European type printing

Object: printing press
Wooden printing press (jobbing printing principle), first half of the 18th century, photograph: Klaus D. Sonntag
Deutsches Buch- und Schriftmuseum der Deutschen Nationalbibliothek Leipzig

European type printing

Success from the serial production of movable type

Gutenberg’s movable type was the beginning of everything one can call technical data processing. Gutenberg’s movable type meant that every spoken word received a promise that it might, if fortunate, appear some time (in print).

Friedrich Kittler, Buchstaben – Zahlen – Codes, 2001

The invention of printing using movable type by Johannes Gutenberg marks the beginning of a far-reaching technical/industrial and scientific/cultural revolution in the early modern era. Gutenberg needed about ten years to find the suitable working materials for type printing and to try out tools and work steps. He fell back on familiar techniques, improved and transformed them, but also invented new devices and processes. Among his individual inventions were, among others, the development of a type casting alloy, the construction of a casting instrument and various pieces of equipment for type setting and the construction of a printing press. Unlike Korean type printing, Gutenberg’s success was based on his method for the serial production of movable type as standard pieces in high quantities and identical quality. The key component here was the casting instrument which was the core piece in Gutenberg’s innovation. In around 1450, he began using his complex technology on a large scale to print the 42-line Bible.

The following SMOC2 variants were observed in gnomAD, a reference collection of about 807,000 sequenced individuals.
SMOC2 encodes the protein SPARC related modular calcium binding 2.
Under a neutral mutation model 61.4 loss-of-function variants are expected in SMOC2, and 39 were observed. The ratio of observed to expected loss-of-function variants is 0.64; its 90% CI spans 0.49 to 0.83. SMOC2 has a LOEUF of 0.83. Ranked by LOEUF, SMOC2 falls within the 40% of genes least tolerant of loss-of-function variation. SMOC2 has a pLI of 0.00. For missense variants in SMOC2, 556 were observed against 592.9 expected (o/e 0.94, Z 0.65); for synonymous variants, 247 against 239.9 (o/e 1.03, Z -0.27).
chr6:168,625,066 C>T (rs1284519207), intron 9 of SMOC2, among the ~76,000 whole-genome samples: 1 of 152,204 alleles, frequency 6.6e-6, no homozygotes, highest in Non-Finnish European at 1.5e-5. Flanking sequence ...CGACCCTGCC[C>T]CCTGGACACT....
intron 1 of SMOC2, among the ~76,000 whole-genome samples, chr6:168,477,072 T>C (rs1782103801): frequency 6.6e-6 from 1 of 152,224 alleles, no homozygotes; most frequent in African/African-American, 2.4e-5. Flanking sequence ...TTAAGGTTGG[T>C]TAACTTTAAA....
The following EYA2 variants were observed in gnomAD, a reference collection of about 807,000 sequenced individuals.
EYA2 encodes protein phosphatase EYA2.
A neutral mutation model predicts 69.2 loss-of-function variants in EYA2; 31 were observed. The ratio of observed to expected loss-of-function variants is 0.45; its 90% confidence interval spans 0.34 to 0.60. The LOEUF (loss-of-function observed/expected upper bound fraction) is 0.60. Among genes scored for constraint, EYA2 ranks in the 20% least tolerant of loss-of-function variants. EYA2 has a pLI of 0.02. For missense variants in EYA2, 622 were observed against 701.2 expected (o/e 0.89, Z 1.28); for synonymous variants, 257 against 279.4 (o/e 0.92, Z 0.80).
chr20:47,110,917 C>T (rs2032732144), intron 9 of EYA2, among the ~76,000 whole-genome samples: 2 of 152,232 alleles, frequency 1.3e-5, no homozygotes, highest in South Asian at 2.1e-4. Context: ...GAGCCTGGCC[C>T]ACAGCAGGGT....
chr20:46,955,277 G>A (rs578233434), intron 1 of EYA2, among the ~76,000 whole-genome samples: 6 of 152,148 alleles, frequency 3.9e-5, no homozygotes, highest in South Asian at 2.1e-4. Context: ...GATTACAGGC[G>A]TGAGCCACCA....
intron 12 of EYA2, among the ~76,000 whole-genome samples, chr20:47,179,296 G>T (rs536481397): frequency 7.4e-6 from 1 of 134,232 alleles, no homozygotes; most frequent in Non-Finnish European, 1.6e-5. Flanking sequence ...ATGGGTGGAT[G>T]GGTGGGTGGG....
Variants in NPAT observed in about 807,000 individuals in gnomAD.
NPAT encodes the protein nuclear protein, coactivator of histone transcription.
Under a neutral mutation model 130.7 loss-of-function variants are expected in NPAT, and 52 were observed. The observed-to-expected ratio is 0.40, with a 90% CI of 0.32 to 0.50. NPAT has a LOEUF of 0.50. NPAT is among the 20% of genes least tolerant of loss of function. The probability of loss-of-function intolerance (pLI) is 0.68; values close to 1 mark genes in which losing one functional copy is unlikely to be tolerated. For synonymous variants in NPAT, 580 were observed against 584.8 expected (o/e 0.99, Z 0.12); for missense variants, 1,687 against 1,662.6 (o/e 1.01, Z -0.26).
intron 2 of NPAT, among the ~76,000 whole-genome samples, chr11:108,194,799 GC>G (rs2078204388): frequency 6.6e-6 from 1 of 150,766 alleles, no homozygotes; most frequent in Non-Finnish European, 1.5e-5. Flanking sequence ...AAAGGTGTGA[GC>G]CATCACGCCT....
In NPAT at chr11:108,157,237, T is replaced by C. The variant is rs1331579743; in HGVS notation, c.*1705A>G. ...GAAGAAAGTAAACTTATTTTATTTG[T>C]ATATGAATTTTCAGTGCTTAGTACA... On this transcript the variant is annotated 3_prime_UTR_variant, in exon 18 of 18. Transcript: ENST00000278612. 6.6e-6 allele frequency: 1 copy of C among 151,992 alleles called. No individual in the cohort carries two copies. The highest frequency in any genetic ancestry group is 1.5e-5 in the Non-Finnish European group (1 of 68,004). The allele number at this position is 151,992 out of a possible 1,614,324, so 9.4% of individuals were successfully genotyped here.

Vital for the practical implementation of this new system for reproducing text was the coordination of the individual work steps from cutting the types to casting and setting the letters, right up to doing corrections and printing. This division of labour brought about new manual trades that had not existed before. As the prerequisite for the mass dissemination of information and knowledge, the European method of type printing spread throughout the world fast and remained largely unchanged for almost 400 years.